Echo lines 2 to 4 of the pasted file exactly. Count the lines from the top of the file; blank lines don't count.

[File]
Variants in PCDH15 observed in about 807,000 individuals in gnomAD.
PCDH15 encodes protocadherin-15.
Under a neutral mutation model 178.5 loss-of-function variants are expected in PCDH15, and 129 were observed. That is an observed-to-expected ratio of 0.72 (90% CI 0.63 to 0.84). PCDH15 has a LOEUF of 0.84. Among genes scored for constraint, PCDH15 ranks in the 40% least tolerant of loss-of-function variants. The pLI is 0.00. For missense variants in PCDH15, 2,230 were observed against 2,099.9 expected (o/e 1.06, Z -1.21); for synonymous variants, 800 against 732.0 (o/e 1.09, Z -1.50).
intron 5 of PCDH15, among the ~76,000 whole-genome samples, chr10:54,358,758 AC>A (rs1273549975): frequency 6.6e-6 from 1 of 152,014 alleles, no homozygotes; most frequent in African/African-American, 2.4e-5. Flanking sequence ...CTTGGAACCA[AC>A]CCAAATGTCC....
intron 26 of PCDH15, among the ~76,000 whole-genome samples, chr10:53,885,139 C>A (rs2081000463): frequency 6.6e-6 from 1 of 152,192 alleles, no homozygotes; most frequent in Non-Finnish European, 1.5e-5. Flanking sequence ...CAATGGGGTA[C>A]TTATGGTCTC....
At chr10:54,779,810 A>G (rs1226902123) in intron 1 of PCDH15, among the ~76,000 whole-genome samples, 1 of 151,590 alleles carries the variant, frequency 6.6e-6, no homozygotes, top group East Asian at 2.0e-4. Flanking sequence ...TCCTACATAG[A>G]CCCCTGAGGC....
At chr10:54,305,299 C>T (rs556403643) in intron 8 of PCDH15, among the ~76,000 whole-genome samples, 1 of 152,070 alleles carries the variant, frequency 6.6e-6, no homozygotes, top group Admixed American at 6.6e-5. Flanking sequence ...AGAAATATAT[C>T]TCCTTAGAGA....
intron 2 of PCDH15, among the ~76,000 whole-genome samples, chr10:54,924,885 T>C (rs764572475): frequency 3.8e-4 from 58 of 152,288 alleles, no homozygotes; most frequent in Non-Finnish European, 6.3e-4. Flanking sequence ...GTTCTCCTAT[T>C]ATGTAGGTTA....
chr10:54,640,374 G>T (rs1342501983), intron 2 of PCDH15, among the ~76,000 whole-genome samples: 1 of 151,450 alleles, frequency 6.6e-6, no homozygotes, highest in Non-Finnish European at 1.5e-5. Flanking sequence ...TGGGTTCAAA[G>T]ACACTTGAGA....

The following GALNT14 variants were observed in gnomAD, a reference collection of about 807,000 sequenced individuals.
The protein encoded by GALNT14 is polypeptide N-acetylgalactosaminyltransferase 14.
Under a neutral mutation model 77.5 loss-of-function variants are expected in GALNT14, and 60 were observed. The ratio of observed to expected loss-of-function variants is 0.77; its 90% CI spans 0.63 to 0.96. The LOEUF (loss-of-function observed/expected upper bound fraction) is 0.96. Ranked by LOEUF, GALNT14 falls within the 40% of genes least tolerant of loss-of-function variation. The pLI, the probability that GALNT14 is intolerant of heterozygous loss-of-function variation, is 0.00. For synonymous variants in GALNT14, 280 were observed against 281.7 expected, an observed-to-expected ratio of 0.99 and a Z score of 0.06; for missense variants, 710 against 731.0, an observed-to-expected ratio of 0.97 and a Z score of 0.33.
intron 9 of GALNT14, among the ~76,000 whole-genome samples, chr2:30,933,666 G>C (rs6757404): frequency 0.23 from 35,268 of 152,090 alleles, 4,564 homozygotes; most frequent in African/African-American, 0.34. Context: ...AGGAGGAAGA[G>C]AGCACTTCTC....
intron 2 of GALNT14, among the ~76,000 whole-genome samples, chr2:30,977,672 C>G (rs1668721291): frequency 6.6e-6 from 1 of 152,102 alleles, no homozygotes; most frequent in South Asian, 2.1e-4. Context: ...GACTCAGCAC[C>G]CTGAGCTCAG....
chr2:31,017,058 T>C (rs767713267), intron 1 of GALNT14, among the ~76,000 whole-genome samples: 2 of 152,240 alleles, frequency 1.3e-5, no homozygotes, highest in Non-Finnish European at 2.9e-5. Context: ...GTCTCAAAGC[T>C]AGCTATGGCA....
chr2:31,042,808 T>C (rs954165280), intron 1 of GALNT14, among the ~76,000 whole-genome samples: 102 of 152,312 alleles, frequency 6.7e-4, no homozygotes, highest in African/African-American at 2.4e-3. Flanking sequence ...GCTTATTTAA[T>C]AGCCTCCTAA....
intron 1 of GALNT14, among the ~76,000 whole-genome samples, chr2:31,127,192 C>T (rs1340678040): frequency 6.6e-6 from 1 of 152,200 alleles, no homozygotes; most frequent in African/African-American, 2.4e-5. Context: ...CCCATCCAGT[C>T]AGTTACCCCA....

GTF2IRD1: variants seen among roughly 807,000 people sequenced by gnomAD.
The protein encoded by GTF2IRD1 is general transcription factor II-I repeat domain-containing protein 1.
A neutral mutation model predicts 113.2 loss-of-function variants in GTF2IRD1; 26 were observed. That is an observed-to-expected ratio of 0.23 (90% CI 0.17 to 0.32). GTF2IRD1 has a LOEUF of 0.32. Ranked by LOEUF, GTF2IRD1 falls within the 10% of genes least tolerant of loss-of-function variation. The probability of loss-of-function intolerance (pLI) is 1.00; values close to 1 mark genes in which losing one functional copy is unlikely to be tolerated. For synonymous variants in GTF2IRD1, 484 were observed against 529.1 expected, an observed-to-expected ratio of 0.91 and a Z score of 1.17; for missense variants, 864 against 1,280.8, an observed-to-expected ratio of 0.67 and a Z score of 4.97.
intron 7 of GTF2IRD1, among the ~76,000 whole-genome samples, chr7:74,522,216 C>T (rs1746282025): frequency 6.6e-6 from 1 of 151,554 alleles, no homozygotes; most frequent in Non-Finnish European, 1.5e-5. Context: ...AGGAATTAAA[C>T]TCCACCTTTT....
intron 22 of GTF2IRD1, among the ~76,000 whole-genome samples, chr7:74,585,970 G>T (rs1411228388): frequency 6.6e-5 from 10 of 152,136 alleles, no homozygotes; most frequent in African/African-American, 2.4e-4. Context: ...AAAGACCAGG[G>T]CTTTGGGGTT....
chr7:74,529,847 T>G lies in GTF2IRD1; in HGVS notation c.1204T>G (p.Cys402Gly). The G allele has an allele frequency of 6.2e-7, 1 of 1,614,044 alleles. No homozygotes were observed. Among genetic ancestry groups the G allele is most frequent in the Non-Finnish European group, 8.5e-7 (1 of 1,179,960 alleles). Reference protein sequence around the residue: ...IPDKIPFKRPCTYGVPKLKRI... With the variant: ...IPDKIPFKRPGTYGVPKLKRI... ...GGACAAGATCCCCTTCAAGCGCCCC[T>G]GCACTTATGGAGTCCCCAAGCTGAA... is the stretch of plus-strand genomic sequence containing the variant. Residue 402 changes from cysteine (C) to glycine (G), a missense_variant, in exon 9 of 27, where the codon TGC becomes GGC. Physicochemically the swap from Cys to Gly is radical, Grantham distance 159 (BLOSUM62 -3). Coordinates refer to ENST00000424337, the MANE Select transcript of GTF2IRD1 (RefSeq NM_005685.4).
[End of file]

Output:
PCDH15 encodes protocadherin-15.
Under a neutral mutation model 178.5 loss-of-function variants are expected in PCDH15, and 129 were observed. That is an observed-to-expected ratio of 0.72 (90% CI 0.63 to 0.84). PCDH15 has a LOEUF of 0.84. Among genes scored for constraint, PCDH15 ranks in the 40% least tolerant of loss-of-function variants. The pLI is 0.00. For missense variants in PCDH15, 2,230 were observed against 2,099.9 expected (o/e 1.06, Z -1.21); for synonymous variants, 800 against 732.0 (o/e 1.09, Z -1.50).
intron 5 of PCDH15, among the ~76,000 whole-genome samples, chr10:54,358,758 AC>A (rs1273549975): frequency 6.6e-6 from 1 of 152,014 alleles, no homozygotes; most frequent in African/African-American, 2.4e-5. Flanking sequence ...CTTGGAACCA[AC>A]CCAAATGTCC....